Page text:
Women’s Officer Gearóidín Uí Laighléis interviews some of Ireland’s bright young players:
Gearóidín: Hi Alice. I’m delighted to welcome you to our monthly interview on the Irish Chess Union web page. Can you tell us a little about yourself and when and how did you learn to play chess?
Alice: I learnt to play chess at a chess camp run by Alex Baburin back when I was in fifth class. It was Ivan Baburin who taught me all the basics and took the time to show me very simple things everyone else at the camp already knew and I am still very grateful to him for that. Then I continued to play in Alex’s camps and his tournaments. I also joined my school chess club. After I got a bit better I joined my local chess club, Shankill, and played in the Bodley and started playing rated tournaments. I later joined Dun Laoghaire chess club, who I still play for and I currently play every tournament I get the opportunity to.
Gearóidín: Many of our ICU members would know and have heard about your brother Tom O’Gorman. Is there a strong tradition of chess in your family?
Alice: I wouldn’t say there is a strong chess tradition, more that we both joined the junior school chess club for no reason in particular other than something to do after school, and we both really enjoyed it and we just continued playing from there.
Gearóidín: You were playing in Romania last September and drew with a 2300 player. That was a fantastic achievement. Would you like to tell us about that game?
Alice: It was fantastic to play in Mamaia in Romania last September. In the first round i was paired against the second seed, rated 2300 which I drew. It was a very exciting game and I got an excellent position out of the opening, which lead me to get a nice attack, however I missed a tactic that would have converted a good position into a winning position, and she managed to equalise. The endgame was tough and I was low on time. I thought it was winning for most of it but it was one move before the extra time, and I had forty seconds left and she offered me a draw and I couldn't see anyway out of getting checkmated. So thinking I was lost I gladly accepted only to look over it later, I could get out of it and was completely won.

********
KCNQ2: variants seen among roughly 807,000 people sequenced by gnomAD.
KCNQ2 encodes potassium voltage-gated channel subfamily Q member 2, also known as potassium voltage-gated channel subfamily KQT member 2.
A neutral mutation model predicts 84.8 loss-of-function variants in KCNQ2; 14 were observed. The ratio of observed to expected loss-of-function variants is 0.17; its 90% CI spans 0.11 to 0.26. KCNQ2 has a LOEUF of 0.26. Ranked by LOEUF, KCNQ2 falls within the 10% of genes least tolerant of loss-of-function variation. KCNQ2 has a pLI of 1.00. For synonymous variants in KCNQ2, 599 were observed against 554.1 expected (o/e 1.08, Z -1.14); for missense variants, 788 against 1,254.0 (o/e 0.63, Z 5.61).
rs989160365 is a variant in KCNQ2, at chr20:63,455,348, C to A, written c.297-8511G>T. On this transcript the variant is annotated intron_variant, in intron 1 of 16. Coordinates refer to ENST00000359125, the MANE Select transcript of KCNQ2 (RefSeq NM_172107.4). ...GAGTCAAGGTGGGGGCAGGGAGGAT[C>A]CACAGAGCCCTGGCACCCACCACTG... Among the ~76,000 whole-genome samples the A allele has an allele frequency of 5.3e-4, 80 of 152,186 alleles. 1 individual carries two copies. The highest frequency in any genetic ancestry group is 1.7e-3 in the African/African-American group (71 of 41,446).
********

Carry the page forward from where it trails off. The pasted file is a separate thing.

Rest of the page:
Gearóidín: You are heading off to university in September. What are your chess ambitions for the next 3 or 4 years?
Alice: I am not too sure about where I will be university next year, but if all goes to plan I’ll go somewhere! So I do not know my university chess ambitions but I will definitely join the chess society and I will continue to play every tournament I can and improve my game.
Gearóidín: Who is your favourite chess player (after Tom, of course!) and why?
Alice: I am a big fan of Magnus Carlsen. I am always impressed by his endgame technique and how he converts seemingly drawn positions. It was amazing seeing him when I played to Olympiad in Baku, as we ate at the table beside him a couple of times!
Gearóidín: Alice, you have probably played in all the tournaments in Ireland. Which is your favourite tournament and why?
Alice: My favourites most definitely aren't the junior ones, I have donated over four hundred points in them over the years, yet every year I seem to play them. I love Bunratty, it always has a great atmosphere and a high quality of games. The same can be said for Kilkenny. The last two years Gonzaga has been excellent, with such strong players.
Gearóidín: Which are your favourite international events?
Alice: To be honest, my favourite international events I have played are open ones where boys and girls play together. Last summer I played both the Glorney and the Europeans. Despite the higher standard of games in the Europeans I enjoyed the Glorney more as I love playing in open sections. My favourite International event I played is the Styrian Youth, this was a mixed under 16s tournament in Austria. I had a lot of fun preparing for games in between swimming in the local pool. I came second in the tournament and have many fond memories of the small village of Mureck that it was held in.
Gearóidín: And finally, how much preparation do you do before a tournament?
Alice: I do not prepare at all before a tournament although perhaps I should, but I do work before individual games. I find my opponents games and spend as much time as possible looking through their opening repertoire to see if I can learn sharp lines they might not have seen or to find improvements in what I already play. Like this , over time I have really built up my opening knowledge, which helps me when I don’t have time to prepare.